Bayern Munich boss Hoeness to stand trial for tax evasion

BERLIN (Reuters) - Bayern Munich President Uli Hoeness will stand trial for tax evasion in March, a German court said on Monday, but his club wants him to stay on in his current role.

The charges of the prosecutor's office were admitted for trial which is set to start on March 10.

Hoeness, the face of Bayern Munich for many years, stunned Germany in April by saying he had voluntarily alerted tax authorities in January to a Swiss bank account he held.

He said it was a personal account, created for his stock market trading. He admitted to gambling bigger and bigger amounts and taking a major hit as the dotcom bubble burst.

Last season's treble winners said on Monday the board's position was that Hoeness should remain as chairman despite the trial hanging over his head.

"The board is of the unanimous opinion that Uli Hoeness shall remain in his position even with a trial being set," the Bavarians said.

Bayern, who demanded a legal opinion on the current situation, said legal experts cited Hoeness' long Bayern career, his contribution to the club over decades and the overwhelming backing of Bayern members as supporting the board's decision on Monday.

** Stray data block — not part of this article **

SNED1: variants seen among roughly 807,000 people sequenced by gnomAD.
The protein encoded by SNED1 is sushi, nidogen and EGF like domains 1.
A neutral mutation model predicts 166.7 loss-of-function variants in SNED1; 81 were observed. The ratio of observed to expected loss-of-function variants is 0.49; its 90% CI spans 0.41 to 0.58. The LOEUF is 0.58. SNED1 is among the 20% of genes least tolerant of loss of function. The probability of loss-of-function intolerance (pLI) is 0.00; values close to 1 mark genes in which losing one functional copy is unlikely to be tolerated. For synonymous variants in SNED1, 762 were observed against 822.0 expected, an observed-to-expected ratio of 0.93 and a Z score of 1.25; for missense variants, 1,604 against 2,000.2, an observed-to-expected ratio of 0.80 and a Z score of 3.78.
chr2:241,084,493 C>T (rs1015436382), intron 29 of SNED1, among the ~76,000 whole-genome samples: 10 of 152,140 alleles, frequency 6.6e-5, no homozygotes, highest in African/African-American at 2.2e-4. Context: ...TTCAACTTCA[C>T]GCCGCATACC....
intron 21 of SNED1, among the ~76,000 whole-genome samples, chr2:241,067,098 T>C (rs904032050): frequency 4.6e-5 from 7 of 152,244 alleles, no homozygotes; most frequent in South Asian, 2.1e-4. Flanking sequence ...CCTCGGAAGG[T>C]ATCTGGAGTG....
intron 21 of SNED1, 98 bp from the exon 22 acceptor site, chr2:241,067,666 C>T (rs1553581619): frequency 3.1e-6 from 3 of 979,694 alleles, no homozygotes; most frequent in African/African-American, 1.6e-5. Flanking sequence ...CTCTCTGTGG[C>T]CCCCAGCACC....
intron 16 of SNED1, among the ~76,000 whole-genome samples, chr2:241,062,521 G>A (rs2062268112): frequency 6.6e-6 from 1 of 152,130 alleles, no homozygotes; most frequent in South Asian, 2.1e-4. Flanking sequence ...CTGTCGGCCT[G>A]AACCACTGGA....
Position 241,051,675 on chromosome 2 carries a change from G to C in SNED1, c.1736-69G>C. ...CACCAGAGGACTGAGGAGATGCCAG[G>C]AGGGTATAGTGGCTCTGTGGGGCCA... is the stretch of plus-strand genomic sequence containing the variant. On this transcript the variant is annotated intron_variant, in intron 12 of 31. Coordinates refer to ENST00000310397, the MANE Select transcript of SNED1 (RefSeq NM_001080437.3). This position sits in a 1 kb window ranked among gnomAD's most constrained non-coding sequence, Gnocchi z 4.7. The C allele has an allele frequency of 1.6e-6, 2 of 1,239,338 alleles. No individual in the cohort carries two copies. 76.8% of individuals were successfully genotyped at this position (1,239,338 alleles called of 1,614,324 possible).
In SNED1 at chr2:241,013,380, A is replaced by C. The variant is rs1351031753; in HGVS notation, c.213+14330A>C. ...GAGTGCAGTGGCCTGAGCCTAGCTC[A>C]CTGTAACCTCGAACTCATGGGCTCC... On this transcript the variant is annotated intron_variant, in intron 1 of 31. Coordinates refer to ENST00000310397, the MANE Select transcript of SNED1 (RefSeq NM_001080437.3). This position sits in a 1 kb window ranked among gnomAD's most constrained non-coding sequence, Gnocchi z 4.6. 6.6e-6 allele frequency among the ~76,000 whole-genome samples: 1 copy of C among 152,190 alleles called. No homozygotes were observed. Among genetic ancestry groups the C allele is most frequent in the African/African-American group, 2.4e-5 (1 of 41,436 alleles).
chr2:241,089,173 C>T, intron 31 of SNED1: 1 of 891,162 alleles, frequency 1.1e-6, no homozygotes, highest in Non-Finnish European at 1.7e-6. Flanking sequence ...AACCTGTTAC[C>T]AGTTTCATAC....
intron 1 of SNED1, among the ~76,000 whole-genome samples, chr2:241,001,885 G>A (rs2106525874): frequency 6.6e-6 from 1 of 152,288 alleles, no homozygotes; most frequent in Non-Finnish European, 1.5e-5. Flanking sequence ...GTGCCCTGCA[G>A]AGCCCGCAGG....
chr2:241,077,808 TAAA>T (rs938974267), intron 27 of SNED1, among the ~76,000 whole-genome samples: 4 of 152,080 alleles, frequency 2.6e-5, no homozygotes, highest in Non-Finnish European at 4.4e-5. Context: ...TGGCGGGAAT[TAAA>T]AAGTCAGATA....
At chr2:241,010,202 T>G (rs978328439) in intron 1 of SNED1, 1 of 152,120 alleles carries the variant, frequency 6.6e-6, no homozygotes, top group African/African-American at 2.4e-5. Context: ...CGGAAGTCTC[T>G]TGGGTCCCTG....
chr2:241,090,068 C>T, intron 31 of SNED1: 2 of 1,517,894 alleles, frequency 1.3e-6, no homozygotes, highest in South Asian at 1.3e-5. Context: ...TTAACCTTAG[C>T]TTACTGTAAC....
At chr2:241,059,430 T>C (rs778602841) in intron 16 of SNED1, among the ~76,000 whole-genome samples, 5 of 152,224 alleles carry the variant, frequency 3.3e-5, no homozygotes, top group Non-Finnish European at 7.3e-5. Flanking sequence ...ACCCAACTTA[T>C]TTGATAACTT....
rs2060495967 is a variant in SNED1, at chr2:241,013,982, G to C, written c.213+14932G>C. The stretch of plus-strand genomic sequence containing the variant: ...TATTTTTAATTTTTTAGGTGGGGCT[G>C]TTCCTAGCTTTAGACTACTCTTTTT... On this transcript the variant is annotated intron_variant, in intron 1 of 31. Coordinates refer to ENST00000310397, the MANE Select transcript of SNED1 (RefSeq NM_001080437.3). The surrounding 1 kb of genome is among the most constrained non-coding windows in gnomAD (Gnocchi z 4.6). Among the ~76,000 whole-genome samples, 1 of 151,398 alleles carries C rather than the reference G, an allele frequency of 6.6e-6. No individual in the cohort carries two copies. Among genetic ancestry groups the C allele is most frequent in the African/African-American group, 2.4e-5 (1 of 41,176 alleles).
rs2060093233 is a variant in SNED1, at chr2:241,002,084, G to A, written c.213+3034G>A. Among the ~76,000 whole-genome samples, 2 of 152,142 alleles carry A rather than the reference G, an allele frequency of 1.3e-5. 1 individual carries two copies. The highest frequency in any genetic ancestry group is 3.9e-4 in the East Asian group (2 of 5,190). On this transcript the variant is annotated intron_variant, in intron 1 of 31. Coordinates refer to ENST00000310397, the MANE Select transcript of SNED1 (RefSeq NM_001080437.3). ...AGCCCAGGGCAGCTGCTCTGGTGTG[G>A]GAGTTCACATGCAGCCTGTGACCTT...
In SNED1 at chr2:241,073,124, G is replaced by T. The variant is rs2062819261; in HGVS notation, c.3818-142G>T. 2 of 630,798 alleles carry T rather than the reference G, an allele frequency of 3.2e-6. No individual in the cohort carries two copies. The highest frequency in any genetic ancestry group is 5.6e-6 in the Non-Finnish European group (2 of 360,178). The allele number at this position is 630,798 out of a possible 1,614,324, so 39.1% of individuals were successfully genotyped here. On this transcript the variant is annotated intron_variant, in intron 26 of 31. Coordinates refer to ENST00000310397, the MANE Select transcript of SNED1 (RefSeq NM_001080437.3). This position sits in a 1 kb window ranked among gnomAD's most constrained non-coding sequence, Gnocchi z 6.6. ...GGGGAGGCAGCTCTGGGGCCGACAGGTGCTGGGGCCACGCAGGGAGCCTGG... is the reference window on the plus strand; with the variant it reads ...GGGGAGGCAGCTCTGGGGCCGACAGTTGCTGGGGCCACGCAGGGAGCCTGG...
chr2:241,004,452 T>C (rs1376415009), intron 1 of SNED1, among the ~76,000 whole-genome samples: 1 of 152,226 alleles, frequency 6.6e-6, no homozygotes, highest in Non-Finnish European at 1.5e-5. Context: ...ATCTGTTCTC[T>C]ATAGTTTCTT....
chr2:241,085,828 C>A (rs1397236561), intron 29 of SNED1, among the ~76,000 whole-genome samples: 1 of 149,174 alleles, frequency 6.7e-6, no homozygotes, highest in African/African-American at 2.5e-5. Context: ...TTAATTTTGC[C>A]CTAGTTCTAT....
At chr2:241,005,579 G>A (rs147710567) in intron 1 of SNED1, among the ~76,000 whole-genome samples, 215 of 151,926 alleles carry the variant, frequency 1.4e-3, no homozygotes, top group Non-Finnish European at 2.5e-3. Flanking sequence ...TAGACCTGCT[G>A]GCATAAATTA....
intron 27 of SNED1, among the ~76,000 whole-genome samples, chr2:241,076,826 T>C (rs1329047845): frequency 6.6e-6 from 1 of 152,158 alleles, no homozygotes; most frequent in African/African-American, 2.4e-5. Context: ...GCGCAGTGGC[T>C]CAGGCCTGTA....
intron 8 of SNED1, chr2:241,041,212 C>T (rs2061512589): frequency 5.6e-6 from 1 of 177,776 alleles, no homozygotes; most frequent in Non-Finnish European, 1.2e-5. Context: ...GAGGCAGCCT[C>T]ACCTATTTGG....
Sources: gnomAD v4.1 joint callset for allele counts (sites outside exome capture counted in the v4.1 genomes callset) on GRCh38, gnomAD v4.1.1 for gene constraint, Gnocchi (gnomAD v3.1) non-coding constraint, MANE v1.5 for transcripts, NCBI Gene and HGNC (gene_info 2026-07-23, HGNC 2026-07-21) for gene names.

"Also the law for board members does not foresee any ban on holding office due to a criminal conviction. Indeed there are a number of cases, including listed companies, where board members kept their posts despite accusations of breaking the law in other areas of their lives," Bayern said.


Hoeness himself said he was surprised that his own admission had not been accepted by the authorities.

"At first it has to be said that it was to be expected, whether I like it or not," Hoeness told reporters in the Czech Republic ahead of their Champions League game at Viktoria Plzen on Tuesday.

"I am surprised that our voluntary alerting of the tax authorities so far is seen as invalid. We are going to do everything with my lawyers in the coming months until the trial in March to convince the court of our arguments."

A World Cup and European championship winner with Germany, Hoeness, who also won three European Cups as a player at Bayern, spent 30 years since as the team's general manager before being elected president of the Bundesliga's richest and most successful club.

"The court will examine the evidence and then will decide whether indeed the charge of tax evasion can be substantiated," Munich chief prosecutor Ken Heidenreich told Reuters Television.

He said it was too early to talk about potential sentences in case he was found guilty.

Bayern playmaker Bastian Schweinsteiger said the affair was not distracting the treble winners.

"We can focus on the game without any distraction," he told reporters. "This has nothing to do with football. We players can do him the biggest favour if we win our games."

Hoeness, who could face a jail sentence but hopes for leniency after naming himself as a tax evader, has said the account had nothing to do with Bayern.

German car maker Audi and sports equipment manufacturer Adidas, who both own stakes in the club, have not called for Hoeness' resignation.

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